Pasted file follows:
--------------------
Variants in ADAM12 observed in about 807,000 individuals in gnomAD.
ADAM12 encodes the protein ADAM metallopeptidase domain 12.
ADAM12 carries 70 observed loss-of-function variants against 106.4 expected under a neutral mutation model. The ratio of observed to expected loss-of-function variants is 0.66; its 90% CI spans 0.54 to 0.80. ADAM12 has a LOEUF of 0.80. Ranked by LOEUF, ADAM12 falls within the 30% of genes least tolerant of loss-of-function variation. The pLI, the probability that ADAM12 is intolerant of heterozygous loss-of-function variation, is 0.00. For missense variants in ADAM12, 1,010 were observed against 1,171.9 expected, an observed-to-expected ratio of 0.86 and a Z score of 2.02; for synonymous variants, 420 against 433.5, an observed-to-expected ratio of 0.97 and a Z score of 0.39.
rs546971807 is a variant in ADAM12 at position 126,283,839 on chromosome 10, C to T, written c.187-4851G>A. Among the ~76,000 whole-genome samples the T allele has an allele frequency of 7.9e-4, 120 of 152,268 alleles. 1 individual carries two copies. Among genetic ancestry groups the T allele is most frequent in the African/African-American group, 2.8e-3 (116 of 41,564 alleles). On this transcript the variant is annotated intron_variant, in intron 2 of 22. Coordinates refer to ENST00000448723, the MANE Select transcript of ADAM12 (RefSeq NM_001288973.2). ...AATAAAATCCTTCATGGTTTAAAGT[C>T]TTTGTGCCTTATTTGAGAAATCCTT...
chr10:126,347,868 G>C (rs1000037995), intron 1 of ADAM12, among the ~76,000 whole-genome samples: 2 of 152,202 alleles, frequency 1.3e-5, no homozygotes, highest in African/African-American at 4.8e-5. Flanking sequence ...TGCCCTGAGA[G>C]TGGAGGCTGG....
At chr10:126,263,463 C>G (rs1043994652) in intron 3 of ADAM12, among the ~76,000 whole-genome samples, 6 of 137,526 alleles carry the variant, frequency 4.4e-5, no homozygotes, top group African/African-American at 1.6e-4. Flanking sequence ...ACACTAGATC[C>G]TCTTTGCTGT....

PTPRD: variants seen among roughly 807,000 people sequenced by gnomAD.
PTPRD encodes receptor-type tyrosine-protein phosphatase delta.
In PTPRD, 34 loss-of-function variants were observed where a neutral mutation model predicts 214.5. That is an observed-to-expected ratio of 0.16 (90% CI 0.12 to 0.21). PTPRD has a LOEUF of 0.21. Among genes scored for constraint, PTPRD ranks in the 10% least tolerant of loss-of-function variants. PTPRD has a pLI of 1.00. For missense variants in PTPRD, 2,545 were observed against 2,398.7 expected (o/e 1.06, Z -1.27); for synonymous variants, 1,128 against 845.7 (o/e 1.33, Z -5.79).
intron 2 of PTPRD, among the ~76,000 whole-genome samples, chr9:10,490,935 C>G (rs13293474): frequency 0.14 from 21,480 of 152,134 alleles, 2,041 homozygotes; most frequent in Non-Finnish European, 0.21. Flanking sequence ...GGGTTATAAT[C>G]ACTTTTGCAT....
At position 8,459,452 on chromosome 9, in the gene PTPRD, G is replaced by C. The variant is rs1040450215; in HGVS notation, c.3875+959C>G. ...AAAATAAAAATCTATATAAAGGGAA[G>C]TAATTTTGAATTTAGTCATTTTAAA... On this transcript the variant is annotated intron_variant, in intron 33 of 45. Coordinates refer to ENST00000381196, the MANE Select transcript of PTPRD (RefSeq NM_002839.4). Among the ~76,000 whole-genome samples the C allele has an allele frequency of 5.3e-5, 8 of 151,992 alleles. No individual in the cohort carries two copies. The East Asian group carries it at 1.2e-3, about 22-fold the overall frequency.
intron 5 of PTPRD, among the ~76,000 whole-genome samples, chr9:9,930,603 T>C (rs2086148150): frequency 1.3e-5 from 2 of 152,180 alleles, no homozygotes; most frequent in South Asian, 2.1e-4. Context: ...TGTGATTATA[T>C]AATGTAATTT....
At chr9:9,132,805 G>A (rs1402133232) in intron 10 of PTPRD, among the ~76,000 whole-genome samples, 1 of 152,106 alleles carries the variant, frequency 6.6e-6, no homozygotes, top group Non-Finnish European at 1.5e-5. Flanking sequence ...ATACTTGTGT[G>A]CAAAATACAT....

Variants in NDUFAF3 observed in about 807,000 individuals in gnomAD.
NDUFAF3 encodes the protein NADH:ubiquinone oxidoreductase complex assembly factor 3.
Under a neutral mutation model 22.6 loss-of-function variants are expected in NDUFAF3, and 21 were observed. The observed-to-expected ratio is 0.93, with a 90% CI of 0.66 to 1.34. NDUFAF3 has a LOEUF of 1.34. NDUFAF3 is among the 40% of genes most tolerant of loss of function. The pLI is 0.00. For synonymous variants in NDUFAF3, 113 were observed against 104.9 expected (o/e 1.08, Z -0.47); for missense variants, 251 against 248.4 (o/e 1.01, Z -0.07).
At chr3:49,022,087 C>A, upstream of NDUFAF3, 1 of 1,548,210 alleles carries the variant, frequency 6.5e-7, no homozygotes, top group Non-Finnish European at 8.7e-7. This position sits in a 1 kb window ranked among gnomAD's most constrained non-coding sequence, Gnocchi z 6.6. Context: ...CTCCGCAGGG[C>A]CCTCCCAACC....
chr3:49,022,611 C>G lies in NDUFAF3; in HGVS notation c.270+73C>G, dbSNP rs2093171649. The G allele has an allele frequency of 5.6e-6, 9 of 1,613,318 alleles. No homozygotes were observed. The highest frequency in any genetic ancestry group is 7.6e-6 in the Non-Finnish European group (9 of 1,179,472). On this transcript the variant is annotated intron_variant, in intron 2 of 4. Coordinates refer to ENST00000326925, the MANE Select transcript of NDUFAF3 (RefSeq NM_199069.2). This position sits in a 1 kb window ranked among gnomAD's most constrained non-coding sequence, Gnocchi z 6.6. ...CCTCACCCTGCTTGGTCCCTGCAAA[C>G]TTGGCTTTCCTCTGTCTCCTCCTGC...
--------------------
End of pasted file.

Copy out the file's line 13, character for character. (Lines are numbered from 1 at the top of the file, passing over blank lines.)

At chr9:9,132,805 G>A (rs1402133232) in intron 10 of PTPRD, among the ~76,000 whole-genome samples, 1 of 152,106 alleles carries the variant, frequency 6.6e-6, no homozygotes, top group Non-Finnish European at 1.5e-5. Flanking sequence ...ATACTTGTGT[G>A]CAAAATACAT....